##### Updated on February 10, 2019

Singly linked lists can be tricky in its own right. Without the convenience of having a pointer to the previous node that is provided in doubly-linked lists, it can be really easy to be wasteful in performance with singly linked lists.

## Problem

Given an index for the start and end of a

sublist, reverse thesublistin a linked list.

## Input

`head`

: Pointer to the entrance of the linked list`s`

: Starting index of the sublist. The index starts at`1`

, where`1`

represents the`HEAD`

.- 'f': Final index of the sublist. For example, if a link list of 3 nodes is defined such that:
`A -> B -> C`

, then`f=3`

represents the node that has the data`C`

.

**Examples**:

`A -> B -> C -> D -> E`

- With
`s = 1`

,`f = 3`

, the output would be:`C -> B -> A -> D -> E`

- With
`s = 2`

,`f = 5`

, the output would be:`A -> E -> D -> C -> B`

- With

## Approach

We only care about reversing from index

`s`

to index`f`

, so we should keep iterating from the`HEAD`

until we reach the node at index`s`

.Right before we begin the reversing of the specified sublist, we want to have a pointer to the node that

*points*to the reversed sublist.We store

`s_head.next`

into the`temp`

variable, because we want`s_head`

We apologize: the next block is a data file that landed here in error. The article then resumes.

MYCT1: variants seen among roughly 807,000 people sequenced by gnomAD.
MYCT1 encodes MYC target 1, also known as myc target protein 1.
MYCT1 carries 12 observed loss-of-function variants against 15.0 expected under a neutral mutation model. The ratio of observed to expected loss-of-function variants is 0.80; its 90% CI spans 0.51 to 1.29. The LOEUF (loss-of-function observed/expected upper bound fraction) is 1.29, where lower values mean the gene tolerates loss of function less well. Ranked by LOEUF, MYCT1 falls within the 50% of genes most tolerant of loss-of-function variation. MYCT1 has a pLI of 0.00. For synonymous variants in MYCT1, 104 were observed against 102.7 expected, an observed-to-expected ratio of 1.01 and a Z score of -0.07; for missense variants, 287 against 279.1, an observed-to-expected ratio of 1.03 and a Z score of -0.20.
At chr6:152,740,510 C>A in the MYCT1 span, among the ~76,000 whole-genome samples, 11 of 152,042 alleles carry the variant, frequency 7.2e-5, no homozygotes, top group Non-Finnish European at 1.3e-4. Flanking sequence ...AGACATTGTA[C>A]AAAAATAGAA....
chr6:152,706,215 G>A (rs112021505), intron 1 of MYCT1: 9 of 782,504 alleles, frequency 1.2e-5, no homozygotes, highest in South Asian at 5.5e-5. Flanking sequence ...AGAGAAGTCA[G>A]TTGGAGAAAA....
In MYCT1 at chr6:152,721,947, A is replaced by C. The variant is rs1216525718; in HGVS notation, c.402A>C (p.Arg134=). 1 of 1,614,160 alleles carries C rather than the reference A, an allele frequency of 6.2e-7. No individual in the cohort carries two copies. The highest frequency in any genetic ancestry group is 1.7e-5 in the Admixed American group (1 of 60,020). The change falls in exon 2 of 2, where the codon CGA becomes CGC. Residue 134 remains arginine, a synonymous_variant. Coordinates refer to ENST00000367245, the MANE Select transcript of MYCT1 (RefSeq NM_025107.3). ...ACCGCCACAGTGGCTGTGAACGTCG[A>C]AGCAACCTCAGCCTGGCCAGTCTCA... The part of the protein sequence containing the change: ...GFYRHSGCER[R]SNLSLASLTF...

to point to a node further and further to the end of the sublist.For example, with a singly linked list such as

`W -> X -> Y -> Z`

, if we want to reverse`X -> Y -> Z`

, then`W`

should somehow point to`Z`

so that the final output would be:`W -> Z -> Y -> X`

.This means

`s_head.next`

will have to be re-assigned to a different node, so the old value will be lost unless we preserve it.Why do we need the old value? We still need a reference to the old

`s_head.next`

or`temp`

because that node will need to point to the*current*node we are working on. Recall that originally,`temp`

is pointing to the*next*node after the*current*node (that is, if A is the current node, and B is the node right after, then`A -> B`

). Since we are trying to reverse the pointers, instead of`A -> B`

, we want to do`B -> A`

. By setting the next pointer of`temp`

to`prev.next`

, we are doing`B -> A`

.Lastly, since we want to continue this reversing process multiple times,

`prev.next`

should be updated to`temp`

because`temp`

will be set to a new node (to the right of where it is currently set to) in the upcoming loops. This way, when we begin the next iteration,`prev`

will correctly point to where`temp`

used to be, especially because`temp`

will be re-assigned as early as the first line in the loop (`temp = s_head.next`

).

## Solution

```
from linked_list import LinkedList
def reverse_sublist(head, s, f):
# O(f) time complexity, O(1) space complexity
dummy = s_head = LinkedList(0, head)
for _ in range(s-1): # See 1.
s_head = s_head.next
prev = s_head # See 2.
s_head = s_head.next
for _ in range(f-s): # See 3.
temp = s_head.next
s_head.next = temp.next
temp.next = prev.next
prev.next = temp
return dummy.next
```